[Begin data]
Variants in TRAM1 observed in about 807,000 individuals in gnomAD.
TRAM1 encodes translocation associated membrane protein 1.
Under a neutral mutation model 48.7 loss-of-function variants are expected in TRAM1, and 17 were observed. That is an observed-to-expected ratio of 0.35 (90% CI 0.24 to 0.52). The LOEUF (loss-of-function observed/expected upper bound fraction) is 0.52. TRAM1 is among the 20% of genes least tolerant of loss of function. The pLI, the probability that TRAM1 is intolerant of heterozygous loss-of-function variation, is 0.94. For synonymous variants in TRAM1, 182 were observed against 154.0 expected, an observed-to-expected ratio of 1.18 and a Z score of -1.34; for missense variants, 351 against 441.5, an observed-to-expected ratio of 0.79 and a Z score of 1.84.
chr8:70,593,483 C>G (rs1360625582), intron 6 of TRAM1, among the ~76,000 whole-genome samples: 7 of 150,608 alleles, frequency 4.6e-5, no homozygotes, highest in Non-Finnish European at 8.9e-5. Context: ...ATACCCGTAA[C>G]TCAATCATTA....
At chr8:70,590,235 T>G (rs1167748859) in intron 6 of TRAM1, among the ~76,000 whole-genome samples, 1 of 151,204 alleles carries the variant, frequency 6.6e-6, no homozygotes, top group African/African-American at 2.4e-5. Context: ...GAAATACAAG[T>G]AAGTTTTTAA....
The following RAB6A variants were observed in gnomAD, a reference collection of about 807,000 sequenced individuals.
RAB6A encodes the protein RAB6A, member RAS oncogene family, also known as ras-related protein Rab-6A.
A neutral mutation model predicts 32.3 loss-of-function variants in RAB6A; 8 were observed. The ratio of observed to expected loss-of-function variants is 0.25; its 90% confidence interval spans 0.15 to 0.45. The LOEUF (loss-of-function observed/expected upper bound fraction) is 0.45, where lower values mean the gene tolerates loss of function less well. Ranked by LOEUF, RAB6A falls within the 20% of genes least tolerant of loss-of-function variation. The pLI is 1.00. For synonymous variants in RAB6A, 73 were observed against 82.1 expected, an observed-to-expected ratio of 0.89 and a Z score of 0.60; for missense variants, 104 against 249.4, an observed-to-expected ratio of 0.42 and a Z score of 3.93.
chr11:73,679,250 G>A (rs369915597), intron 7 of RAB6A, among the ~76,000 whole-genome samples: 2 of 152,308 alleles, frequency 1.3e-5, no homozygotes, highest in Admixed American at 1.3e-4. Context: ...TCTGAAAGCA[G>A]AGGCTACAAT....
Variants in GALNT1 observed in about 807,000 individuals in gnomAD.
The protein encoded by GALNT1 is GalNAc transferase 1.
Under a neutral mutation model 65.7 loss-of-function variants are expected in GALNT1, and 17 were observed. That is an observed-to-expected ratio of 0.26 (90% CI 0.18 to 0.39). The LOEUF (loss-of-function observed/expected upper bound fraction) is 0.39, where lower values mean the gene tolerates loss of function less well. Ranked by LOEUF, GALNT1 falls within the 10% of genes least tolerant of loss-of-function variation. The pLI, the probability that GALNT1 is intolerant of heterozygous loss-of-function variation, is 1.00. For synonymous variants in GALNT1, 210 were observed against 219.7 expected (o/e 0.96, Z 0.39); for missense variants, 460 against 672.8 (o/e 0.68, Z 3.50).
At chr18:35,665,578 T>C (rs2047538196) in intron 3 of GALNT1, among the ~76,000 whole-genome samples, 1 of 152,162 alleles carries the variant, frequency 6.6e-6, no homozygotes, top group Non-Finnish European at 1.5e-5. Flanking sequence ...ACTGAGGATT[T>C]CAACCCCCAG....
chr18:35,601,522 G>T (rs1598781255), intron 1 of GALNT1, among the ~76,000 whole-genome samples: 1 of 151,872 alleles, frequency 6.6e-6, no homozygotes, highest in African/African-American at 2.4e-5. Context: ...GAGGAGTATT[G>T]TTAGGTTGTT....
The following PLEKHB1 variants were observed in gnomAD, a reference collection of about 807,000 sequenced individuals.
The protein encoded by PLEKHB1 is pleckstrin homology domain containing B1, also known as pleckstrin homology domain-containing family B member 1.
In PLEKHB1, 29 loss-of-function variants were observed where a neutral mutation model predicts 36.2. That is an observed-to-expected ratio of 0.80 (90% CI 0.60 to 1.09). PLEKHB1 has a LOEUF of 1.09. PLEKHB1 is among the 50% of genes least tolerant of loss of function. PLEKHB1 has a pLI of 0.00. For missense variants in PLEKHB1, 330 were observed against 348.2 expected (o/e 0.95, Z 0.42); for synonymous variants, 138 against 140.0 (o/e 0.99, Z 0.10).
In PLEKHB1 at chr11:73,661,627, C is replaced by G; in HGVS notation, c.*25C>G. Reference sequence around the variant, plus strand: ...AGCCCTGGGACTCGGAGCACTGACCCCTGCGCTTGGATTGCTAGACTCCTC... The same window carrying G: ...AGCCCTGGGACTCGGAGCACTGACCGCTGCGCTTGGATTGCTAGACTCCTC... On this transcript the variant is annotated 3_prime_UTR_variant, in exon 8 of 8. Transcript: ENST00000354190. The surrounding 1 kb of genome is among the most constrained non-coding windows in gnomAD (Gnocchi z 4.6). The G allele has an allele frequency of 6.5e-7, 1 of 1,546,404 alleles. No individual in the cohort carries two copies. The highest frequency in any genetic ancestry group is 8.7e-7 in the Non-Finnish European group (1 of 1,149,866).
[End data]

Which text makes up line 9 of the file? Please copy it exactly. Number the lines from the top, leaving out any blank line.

chr11:73,679,250 G>A (rs369915597), intron 7 of RAB6A, among the ~76,000 whole-genome samples: 2 of 152,308 alleles, frequency 1.3e-5, no homozygotes, highest in Admixed American at 1.3e-4. Context: ...TCTGAAAGCA[G>A]AGGCTACAAT....